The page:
The Council for Affordable Health Coverage (CAHC) released a report Monday reviewing users' experience with Healthcare.gov and each of the 12 state-based exchanges in 2018. Their study found that liberal states are among the worst at running their Obamacare exchanges.
The report graded the exchange websites with letter grades of A-F for seven factors: access to detailed plan information, an out-of-pocket cost calculator, integrated provider directory and drug directory tools, a customized window shopping tool, comparative plan display page, and accurate plan information.
Massachusetts, New York, Idaho, Maryland, Vermont, Minnesota, and Connecticut all received a D or F and “the average exchange website scored 71 out of a possible 100” on the report’s composite index.
According to CAHC, “the more ‘blue’ the state, the lower the score, on average.”
“Six of the eight exchanges with the lowest scores are in states where liberals greatly outnumber conservatives, according to a Gallup poll,” the report noted, “the poor performance of states inclined to regard the ACA less critically may reflect weak legislative oversight.”
Healthcare.gov ranked fourth overall on the group’s scorecard with a grade of 81 out of 100.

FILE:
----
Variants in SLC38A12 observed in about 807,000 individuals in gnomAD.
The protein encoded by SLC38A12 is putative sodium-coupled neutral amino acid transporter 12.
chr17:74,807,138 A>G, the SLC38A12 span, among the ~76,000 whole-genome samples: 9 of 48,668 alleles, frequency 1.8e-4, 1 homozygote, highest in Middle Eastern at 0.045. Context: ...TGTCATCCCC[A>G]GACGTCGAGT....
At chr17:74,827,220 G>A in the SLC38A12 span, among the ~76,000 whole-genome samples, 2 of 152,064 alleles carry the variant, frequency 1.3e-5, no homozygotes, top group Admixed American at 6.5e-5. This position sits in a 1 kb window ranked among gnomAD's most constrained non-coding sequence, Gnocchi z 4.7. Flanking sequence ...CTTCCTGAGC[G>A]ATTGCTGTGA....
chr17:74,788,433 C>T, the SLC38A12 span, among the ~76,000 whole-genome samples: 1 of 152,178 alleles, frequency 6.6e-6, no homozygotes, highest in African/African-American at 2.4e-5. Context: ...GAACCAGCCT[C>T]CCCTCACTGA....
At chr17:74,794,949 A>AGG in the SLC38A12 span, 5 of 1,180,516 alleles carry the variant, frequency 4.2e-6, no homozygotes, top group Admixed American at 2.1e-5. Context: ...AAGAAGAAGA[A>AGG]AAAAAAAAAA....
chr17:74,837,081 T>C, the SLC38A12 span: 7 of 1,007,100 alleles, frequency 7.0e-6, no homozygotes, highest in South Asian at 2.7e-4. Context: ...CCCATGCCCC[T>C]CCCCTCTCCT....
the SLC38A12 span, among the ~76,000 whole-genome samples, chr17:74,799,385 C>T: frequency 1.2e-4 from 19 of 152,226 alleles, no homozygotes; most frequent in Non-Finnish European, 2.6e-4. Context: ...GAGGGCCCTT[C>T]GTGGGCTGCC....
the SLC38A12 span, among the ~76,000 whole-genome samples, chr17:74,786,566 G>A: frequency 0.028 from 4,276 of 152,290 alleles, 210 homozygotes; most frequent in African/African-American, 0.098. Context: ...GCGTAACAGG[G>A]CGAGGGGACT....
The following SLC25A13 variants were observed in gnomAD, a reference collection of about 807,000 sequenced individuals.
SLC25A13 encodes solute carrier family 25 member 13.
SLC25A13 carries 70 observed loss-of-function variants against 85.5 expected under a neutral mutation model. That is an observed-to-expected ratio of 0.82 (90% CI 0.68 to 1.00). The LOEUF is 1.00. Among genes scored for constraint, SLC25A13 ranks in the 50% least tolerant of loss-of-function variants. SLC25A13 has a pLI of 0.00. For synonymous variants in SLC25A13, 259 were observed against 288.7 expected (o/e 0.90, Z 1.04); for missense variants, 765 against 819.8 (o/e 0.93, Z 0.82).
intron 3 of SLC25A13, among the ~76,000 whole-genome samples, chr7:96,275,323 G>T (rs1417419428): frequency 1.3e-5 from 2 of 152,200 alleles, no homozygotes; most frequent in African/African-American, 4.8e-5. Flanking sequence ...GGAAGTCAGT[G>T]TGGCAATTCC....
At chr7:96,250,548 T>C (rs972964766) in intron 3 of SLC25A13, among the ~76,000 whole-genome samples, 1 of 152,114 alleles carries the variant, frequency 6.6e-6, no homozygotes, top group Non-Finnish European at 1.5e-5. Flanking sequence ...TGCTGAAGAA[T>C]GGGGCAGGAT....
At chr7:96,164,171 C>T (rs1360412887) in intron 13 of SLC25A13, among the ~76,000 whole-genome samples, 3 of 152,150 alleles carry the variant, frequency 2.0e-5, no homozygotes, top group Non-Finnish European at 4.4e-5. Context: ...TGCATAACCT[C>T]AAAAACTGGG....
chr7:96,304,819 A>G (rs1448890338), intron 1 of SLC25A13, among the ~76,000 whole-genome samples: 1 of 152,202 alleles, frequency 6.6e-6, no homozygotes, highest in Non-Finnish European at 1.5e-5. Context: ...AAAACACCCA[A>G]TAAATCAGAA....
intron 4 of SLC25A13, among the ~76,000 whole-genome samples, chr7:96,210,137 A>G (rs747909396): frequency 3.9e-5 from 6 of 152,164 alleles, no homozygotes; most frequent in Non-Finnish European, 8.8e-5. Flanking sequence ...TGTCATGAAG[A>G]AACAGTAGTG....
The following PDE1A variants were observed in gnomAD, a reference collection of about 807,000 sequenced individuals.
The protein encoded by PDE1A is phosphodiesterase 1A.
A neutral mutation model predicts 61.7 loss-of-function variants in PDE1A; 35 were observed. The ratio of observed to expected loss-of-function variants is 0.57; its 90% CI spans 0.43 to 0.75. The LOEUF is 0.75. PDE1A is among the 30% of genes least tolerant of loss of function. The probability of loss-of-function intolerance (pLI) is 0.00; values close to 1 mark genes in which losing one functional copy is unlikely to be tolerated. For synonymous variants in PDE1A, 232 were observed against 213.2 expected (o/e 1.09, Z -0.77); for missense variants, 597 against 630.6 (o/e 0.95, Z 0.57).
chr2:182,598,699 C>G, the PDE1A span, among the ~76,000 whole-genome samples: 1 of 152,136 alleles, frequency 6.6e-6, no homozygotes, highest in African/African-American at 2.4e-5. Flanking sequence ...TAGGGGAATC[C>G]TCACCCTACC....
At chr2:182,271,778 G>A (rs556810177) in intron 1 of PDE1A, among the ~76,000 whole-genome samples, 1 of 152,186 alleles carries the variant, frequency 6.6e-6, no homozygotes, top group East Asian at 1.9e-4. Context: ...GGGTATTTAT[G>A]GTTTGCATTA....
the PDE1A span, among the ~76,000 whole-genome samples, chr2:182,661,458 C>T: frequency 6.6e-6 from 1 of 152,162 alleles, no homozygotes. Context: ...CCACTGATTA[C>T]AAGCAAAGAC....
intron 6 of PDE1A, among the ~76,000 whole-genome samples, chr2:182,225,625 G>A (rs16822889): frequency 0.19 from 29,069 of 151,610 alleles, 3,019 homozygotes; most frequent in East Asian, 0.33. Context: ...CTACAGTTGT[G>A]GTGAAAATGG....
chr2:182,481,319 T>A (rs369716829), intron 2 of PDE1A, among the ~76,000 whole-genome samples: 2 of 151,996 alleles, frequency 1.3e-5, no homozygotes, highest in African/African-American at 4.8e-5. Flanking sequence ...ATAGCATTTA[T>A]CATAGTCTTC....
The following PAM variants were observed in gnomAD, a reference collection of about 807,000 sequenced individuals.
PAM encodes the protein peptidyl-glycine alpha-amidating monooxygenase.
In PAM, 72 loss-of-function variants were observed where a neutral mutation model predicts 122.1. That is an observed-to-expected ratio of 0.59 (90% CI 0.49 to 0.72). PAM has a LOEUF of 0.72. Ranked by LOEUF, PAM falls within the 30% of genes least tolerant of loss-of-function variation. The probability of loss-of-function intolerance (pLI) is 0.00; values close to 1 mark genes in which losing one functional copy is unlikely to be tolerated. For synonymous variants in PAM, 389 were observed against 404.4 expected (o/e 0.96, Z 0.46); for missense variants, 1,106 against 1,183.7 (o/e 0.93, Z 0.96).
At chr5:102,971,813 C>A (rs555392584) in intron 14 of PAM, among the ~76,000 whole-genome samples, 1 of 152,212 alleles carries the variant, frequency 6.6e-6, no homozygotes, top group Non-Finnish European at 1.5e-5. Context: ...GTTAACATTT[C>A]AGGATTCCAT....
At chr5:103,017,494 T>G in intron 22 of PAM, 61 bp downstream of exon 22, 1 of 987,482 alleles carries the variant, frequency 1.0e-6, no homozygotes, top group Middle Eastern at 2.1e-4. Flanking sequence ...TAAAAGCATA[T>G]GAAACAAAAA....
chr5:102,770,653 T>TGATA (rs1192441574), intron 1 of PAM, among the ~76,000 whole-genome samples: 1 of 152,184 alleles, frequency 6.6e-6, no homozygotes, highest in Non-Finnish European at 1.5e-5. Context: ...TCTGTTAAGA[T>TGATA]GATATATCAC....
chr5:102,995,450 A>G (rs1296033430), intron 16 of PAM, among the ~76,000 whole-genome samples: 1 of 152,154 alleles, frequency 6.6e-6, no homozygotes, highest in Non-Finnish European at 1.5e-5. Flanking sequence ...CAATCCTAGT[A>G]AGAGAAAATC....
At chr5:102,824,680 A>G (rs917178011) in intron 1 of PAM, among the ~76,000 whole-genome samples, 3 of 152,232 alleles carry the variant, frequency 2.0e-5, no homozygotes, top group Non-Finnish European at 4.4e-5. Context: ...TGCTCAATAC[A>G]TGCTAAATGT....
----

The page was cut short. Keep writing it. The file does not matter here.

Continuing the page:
“While HealthCare.gov, the federally run website used in 38 states, has moved near the top of the public exchange class,” the study noted, “a majority of the 12 state-based exchanges still do not offer the three decision-support tools considered the gold standard of informed consumer choice: an out-of-pocket cost calculator, integrated provider directory, and integrated drug directory.”
CAHC president Joel White commented that “once again, too many state exchanges are providing substandard service to users.”
“While our findings show modest improvement from years past, it remains unacceptable that, in 2018, more progress has not been made,” he said. “Meanwhile, trouble persists for Healthcare.gov which, five years after its launch, will be taken offline for maintenance at various points throughout the open enrollment season, offering little to no recourse for affected consumers."
White argued that “it is time to say goodbye to the public exchange model and turn, instead, to the innovation and responsiveness of the private marketplace.”